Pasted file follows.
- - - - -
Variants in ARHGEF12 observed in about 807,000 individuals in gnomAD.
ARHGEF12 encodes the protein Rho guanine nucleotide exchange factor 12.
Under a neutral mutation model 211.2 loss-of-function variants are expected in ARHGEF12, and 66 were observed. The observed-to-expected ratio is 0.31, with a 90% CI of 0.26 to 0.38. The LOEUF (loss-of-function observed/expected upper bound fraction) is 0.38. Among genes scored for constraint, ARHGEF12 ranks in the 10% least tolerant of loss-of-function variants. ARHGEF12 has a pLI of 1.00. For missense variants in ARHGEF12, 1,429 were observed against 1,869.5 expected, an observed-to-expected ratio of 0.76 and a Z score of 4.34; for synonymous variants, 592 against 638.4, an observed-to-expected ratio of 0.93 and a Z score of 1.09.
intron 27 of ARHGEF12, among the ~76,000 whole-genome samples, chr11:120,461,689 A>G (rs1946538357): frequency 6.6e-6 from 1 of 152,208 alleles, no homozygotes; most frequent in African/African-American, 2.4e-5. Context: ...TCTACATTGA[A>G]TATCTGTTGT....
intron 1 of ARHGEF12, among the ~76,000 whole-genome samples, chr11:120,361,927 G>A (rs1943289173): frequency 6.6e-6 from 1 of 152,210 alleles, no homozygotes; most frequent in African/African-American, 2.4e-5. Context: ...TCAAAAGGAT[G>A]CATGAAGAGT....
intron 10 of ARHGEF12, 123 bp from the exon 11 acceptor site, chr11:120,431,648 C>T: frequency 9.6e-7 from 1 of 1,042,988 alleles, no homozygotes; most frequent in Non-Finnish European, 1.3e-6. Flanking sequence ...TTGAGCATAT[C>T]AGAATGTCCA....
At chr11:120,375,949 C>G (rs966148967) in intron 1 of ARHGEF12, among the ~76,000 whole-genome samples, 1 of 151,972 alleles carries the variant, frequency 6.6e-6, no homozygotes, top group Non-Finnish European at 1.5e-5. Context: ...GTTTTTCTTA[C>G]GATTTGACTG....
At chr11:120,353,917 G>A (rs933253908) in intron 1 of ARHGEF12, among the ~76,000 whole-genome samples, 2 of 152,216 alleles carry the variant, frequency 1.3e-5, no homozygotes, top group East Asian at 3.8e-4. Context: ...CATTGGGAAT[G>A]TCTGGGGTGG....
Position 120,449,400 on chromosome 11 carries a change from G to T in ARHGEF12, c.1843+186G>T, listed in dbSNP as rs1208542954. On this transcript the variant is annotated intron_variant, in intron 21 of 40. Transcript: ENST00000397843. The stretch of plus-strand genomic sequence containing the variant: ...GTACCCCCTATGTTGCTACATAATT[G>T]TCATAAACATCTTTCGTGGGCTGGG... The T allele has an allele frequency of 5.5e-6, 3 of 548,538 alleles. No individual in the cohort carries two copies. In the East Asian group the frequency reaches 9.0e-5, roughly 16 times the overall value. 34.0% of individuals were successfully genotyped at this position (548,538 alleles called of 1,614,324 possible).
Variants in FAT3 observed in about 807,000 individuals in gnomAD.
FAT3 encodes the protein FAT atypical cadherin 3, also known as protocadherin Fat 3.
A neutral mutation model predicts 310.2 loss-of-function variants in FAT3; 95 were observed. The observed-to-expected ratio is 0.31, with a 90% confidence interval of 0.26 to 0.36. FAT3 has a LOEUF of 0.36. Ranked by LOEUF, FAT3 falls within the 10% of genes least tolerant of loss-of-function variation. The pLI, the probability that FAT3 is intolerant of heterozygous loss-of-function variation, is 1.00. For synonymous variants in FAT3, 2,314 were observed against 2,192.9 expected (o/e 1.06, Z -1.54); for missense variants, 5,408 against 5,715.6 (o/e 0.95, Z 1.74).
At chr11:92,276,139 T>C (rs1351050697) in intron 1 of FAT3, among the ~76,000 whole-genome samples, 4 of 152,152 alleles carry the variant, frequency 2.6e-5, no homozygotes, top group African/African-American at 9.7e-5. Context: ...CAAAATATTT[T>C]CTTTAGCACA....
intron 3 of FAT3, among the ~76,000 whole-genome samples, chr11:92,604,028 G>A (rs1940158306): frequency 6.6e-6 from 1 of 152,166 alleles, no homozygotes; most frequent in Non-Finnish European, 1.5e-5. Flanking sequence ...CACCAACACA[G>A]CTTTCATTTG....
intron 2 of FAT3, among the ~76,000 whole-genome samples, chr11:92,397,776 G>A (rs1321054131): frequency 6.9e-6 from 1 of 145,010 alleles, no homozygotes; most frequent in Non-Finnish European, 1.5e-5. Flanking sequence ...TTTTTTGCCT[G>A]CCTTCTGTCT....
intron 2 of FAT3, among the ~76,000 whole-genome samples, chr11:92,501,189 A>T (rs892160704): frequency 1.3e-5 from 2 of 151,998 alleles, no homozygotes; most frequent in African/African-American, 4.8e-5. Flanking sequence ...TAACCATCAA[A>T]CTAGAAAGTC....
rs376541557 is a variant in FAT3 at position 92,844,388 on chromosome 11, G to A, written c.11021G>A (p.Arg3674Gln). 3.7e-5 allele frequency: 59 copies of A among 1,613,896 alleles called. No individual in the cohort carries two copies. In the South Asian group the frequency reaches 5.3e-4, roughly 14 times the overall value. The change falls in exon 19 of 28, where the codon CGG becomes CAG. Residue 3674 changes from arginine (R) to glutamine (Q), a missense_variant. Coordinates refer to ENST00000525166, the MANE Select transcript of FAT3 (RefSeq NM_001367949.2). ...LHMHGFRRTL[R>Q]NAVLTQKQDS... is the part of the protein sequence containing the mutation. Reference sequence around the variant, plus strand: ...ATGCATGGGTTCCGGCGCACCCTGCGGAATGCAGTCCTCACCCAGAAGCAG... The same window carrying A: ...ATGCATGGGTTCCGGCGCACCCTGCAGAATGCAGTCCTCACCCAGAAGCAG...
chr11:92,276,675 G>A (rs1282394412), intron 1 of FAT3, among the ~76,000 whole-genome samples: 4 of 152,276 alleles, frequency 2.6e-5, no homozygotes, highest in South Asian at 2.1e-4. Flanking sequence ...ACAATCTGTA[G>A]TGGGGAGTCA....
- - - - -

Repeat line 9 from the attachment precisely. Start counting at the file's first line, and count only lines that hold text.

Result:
Position 120,449,400 on chromosome 11 carries a change from G to T in ARHGEF12, c.1843+186G>T, listed in dbSNP as rs1208542954. On this transcript the variant is annotated intron_variant, in intron 21 of 40. Transcript: ENST00000397843. The stretch of plus-strand genomic sequence containing the variant: ...GTACCCCCTATGTTGCTACATAATT[G>T]TCATAAACATCTTTCGTGGGCTGGG... The T allele has an allele frequency of 5.5e-6, 3 of 548,538 alleles. No individual in the cohort carries two copies. In the East Asian group the frequency reaches 9.0e-5, roughly 16 times the overall value. 34.0% of individuals were successfully genotyped at this position (548,538 alleles called of 1,614,324 possible).